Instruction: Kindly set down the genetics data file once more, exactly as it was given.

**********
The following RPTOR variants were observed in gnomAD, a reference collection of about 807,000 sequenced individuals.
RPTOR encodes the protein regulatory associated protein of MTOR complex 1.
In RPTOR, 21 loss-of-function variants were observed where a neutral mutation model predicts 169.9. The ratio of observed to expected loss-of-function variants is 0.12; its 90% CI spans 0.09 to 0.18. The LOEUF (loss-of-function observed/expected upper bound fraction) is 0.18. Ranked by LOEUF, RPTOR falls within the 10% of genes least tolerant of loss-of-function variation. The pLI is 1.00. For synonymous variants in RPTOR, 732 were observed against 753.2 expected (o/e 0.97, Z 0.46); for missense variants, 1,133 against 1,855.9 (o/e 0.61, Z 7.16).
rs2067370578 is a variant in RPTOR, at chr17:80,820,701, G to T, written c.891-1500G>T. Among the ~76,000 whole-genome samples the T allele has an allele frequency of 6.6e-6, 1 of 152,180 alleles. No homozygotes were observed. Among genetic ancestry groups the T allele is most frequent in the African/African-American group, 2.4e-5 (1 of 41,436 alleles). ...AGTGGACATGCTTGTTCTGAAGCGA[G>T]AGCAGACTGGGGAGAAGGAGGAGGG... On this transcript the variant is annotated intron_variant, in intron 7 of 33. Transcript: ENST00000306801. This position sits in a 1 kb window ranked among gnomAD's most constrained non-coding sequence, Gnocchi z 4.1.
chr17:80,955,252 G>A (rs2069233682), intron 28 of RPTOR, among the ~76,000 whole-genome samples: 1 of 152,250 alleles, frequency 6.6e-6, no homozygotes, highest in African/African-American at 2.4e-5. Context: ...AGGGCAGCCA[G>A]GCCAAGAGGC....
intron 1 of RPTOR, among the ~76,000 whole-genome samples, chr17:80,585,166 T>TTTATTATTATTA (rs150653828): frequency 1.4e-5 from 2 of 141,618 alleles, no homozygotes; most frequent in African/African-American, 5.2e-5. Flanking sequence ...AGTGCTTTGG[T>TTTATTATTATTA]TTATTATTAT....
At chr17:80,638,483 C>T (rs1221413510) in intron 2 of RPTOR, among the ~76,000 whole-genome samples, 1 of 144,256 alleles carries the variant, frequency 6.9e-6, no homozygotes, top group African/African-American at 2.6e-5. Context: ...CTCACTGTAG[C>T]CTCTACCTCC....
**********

The following RPTOR variants were observed in gnomAD, a reference collection of about 807,000 sequenced individuals.
RPTOR encodes the protein regulatory associated protein of MTOR complex 1.
In RPTOR, 21 loss-of-function variants were observed where a neutral mutation model predicts 169.9. The ratio of observed to expected loss-of-function variants is 0.12; its 90% CI spans 0.09 to 0.18. The LOEUF (loss-of-function observed/expected upper bound fraction) is 0.18. Ranked by LOEUF, RPTOR falls within the 10% of genes least tolerant of loss-of-function variation. The pLI is 1.00. For synonymous variants in RPTOR, 732 were observed against 753.2 expected (o/e 0.97, Z 0.46); for missense variants, 1,133 against 1,855.9 (o/e 0.61, Z 7.16).
rs2067370578 is a variant in RPTOR, at chr17:80,820,701, G to T, written c.891-1500G>T. Among the ~76,000 whole-genome samples the T allele has an allele frequency of 6.6e-6, 1 of 152,180 alleles. No homozygotes were observed. Among genetic ancestry groups the T allele is most frequent in the African/African-American group, 2.4e-5 (1 of 41,436 alleles). ...AGTGGACATGCTTGTTCTGAAGCGA[G>T]AGCAGACTGGGGAGAAGGAGGAGGG... On this transcript the variant is annotated intron_variant, in intron 7 of 33. Transcript: ENST00000306801. This position sits in a 1 kb window ranked among gnomAD's most constrained non-coding sequence, Gnocchi z 4.1.
chr17:80,955,252 G>A (rs2069233682), intron 28 of RPTOR, among the ~76,000 whole-genome samples: 1 of 152,250 alleles, frequency 6.6e-6, no homozygotes, highest in African/African-American at 2.4e-5. Context: ...AGGGCAGCCA[G>A]GCCAAGAGGC....
intron 1 of RPTOR, among the ~76,000 whole-genome samples, chr17:80,585,166 T>TTTATTATTATTA (rs150653828): frequency 1.4e-5 from 2 of 141,618 alleles, no homozygotes; most frequent in African/African-American, 5.2e-5. Flanking sequence ...AGTGCTTTGG[T>TTTATTATTATTA]TTATTATTAT....
At chr17:80,638,483 C>T (rs1221413510) in intron 2 of RPTOR, among the ~76,000 whole-genome samples, 1 of 144,256 alleles carries the variant, frequency 6.9e-6, no homozygotes, top group African/African-American at 2.6e-5. Context: ...CTCACTGTAG[C>T]CTCTACCTCC....